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Logical Functions and user defined fields in an Access query

It is simple to define your own fields in a query and this allows you to adapt the data taken from your underlying tables. These new fields can incorporate a large number of built in functions which let you manipulate values. Many of the functions have the same name and arguments as in Excel, but there are some peculiar differences and care must be taken.

The functions covered in this section are:

IIF() and CHOOSE() Logical functions returning alternative results

Creating a new user defined field in a query

To add a user defined field, simply write your chosen name for the field (e.g. BranchCode) followed by a colon and then the definition of the field. The field definition may be

2 Bookings enhanced - Select query (design) ox
  source
Field: BranchCode: "SE450" MinBkgRef: [What is the first booking reference?] KM_Journey: [km_return]-[km_start]
Table:      
Sort:  
Show: Y Y Y
Criteria:      
 

Note that field names used within the definition of new fields (including parameters entered by the user at run-time) are enclosed in square brackets.

2 Bookings enhanced - Select query (results)
  BranchCode MinBkgRef KM_Journey
SE450 2046 168
SE450 2046 78
SE450 2046 93

A new user defined field can subsequently be used in the same way as a field taken from a table or query record-source (although its values cannot be edited at run time). It is available for use in any form, report or another query using this query as a record-source.

Define Query Parameters
  Parameter Data type  
   Month number  Integer  
   Date to  Date/Time  
   Organisation (optional)  Text  
  btn btn  

Run Time Query Parameters

Run time parameters are values which the user will be prompted to provide when the query is run. A small dialog box will appear with a prompt message such as 'What is the first booking reference?'. This prompt then becomes the field name which can be used (enclosed in square brackets) within a query. These parameters should be defined using the ribbon option Query Tools Design | Show/Hide | Parameters although Access will assume that any unrecognised field name is a (text data type) run time parameter, even if it hasn't been defined. The advantage of properly defining parameters is that it lets you specify the data type.

Bookings Selection1 - Select query (design) ox
  source  
Field: BOOKING_REF USERGROUP_NAME DATE_OUT InvMonth: Month([INVOICE_DATE])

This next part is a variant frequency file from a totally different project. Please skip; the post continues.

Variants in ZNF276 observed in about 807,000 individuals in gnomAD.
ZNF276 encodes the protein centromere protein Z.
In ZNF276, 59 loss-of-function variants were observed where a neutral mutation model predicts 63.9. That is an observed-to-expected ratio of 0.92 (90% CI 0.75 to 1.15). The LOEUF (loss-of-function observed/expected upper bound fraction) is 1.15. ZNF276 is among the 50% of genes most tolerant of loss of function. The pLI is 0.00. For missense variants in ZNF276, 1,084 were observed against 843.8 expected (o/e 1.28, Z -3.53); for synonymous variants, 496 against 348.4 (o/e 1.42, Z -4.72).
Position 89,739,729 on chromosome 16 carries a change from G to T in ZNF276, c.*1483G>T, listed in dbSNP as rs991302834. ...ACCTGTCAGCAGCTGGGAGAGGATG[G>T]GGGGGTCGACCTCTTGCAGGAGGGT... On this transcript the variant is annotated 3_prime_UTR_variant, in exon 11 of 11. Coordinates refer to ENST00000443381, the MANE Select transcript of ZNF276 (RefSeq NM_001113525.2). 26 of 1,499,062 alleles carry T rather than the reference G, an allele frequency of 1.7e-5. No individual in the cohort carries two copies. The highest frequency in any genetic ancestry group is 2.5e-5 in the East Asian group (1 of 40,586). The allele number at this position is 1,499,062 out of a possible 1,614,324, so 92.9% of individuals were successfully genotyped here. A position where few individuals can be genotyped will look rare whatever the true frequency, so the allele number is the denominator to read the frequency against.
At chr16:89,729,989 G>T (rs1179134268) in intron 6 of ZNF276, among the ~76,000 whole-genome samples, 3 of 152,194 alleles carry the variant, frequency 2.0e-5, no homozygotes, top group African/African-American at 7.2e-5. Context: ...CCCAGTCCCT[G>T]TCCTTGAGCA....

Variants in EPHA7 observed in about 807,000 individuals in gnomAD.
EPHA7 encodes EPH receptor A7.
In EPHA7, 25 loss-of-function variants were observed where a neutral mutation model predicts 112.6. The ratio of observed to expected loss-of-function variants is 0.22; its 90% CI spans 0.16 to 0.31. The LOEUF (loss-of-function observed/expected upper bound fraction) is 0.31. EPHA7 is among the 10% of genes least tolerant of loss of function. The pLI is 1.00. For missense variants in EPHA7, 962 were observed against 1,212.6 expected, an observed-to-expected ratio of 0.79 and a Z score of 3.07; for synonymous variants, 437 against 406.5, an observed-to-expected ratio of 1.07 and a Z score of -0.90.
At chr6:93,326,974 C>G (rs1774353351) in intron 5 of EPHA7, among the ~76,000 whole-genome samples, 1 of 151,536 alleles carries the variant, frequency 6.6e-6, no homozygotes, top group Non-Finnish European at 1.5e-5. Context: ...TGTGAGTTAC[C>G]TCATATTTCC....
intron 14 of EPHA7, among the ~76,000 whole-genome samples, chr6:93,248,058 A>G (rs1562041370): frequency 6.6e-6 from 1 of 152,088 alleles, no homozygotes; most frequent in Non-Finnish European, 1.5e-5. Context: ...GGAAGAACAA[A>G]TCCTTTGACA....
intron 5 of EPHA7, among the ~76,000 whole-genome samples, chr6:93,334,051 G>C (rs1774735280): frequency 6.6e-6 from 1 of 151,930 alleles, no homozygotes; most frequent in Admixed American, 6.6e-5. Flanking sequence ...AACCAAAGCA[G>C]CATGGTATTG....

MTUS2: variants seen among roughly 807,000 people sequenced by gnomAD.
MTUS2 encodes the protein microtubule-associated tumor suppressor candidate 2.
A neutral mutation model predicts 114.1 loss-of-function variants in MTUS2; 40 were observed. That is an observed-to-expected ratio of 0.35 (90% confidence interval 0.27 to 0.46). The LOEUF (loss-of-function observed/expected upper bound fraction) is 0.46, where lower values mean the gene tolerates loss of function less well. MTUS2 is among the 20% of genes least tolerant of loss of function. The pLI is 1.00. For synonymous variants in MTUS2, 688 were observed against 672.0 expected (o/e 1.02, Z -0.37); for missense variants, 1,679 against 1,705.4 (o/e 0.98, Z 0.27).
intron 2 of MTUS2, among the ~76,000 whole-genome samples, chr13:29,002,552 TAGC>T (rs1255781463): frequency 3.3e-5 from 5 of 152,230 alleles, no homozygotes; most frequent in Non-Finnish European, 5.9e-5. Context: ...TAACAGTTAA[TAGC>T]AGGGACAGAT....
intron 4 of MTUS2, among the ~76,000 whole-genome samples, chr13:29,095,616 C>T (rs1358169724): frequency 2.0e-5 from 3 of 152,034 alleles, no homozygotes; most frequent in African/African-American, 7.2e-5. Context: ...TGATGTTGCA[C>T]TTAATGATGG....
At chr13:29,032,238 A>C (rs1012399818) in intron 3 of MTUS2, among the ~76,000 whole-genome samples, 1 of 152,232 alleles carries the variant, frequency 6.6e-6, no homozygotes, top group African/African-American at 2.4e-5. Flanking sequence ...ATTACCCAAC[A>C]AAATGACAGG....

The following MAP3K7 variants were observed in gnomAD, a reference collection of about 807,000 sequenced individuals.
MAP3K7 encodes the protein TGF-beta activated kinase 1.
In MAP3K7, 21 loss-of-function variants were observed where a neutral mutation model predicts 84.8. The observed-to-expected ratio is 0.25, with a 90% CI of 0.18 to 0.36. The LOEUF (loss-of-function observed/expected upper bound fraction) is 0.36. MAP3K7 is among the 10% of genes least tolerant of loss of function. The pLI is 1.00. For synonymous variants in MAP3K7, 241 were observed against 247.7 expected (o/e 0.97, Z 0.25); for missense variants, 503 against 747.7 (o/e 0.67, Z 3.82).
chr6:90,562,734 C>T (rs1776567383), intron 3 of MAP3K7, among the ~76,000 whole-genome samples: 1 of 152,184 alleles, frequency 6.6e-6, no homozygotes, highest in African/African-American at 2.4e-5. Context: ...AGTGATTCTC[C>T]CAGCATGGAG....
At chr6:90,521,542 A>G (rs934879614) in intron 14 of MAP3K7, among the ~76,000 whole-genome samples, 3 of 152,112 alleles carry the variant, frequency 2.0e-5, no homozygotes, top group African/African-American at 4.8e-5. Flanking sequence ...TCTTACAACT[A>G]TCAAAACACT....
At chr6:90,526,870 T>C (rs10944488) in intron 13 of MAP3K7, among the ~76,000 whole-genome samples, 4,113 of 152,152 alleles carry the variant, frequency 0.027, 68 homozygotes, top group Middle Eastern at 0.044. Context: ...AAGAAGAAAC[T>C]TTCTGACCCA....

Table: Bookings Bookings Bookings  
Sort: Ascending    
Show: Y Y Y Y
Criteria:   Like [Organisation (Optional)] & '*' <=[Date to] [Month number]
 

 
UK more...   USA more ...

The three parameter variables have all been used as criteria to select the required records. Note that the organisation criteria uses wildcards.


Bookings Selection1: Select query ox
BOOKING_REF USERGROUP_NAME DATE_OUT  InvMonth
2436 CAPED CRUSADERS CLUB 16 Jul 05 7
2437 CHELSFIELD GIRL GUIDES 19 Jul 05 7
2438 ST MARTINS CHURCH CHOIR 28 Jul 05 7
 

IIF() and CHOOSE() functions

The main logical function in Access is called IIF() - i.e. immediate IF. It is probably more commonly known in other programs as the IF function . Apart from the peculiarity of the extra 'i', it is the same as the function in Excel. It allows you to return one or other of two values, depending on whether a condition is true and it takes the form: =IIF(statement to check, result if true, result if false)

Examples of user defined fields using IIF Description of purpose
Discount: IIf([km_return]-[km_start]>200,0.75,1) If the distance travelled exceeds 200Km, a discounted rate of 75% will be returned, otherwise  the normal rate (100%) will be charged.
SummerPremium: IIf(Month([date_return])=8,1.25,1) This uses the Month function to determine the month number of the end of booking date. If it is 8 (i.e. August), a premium of 125% is applied.
Settled: IIf(IsNull([date_invpaid]),Date()-[invoice_date] & " days OD",[date_invpaid]) This uses the IsNull function to determine whether a field is empty. If there is no paid date value it will show the number of days overdue, otherwise it will show the date the invoice was paid.
DateString: [date_out] & IIf([date_return]>[date_out]," to " & [date_return],"") The start date is shown and only if the end date is greater than the start date will that also be displayed (e.g. 01/04/2005 to 08/04/2005)

If you require more than two options (true or false) you can either combine more than one IIF() function or alternatively use the CHOOSE() function. CHOOSE() returns an item from a list of alternatives, dependent on an initial numeric value (the option number) that specifies which of the values is returned. It takes the form: =CHOOSE(option number, Value1, Value2, Value3 ... Value29). The values can be field names, numbers or text.

Examples of user defined fields using CHOOSE Description of purpose
Season: Choose(Month([date_out]),"Winter","Winter", "Winter","Spring","Spring","Summer","Summer", "Summer","Summer","Autumn","Autumn","Winter") This uses the Month function to determine the month number of the booking date and then returns a season name.
MySort: Choose([Sort by 1 Date out 2 Date paid 3 Group name],
[date_out],[date_invpaid],[usergroup_name])
This takes a value from a user parameter prompt (type=integer) to select a field by which the list will be sorted.


file: acciifchoose.htm Page last modified Mar14 MeadInKent.co.uk 2014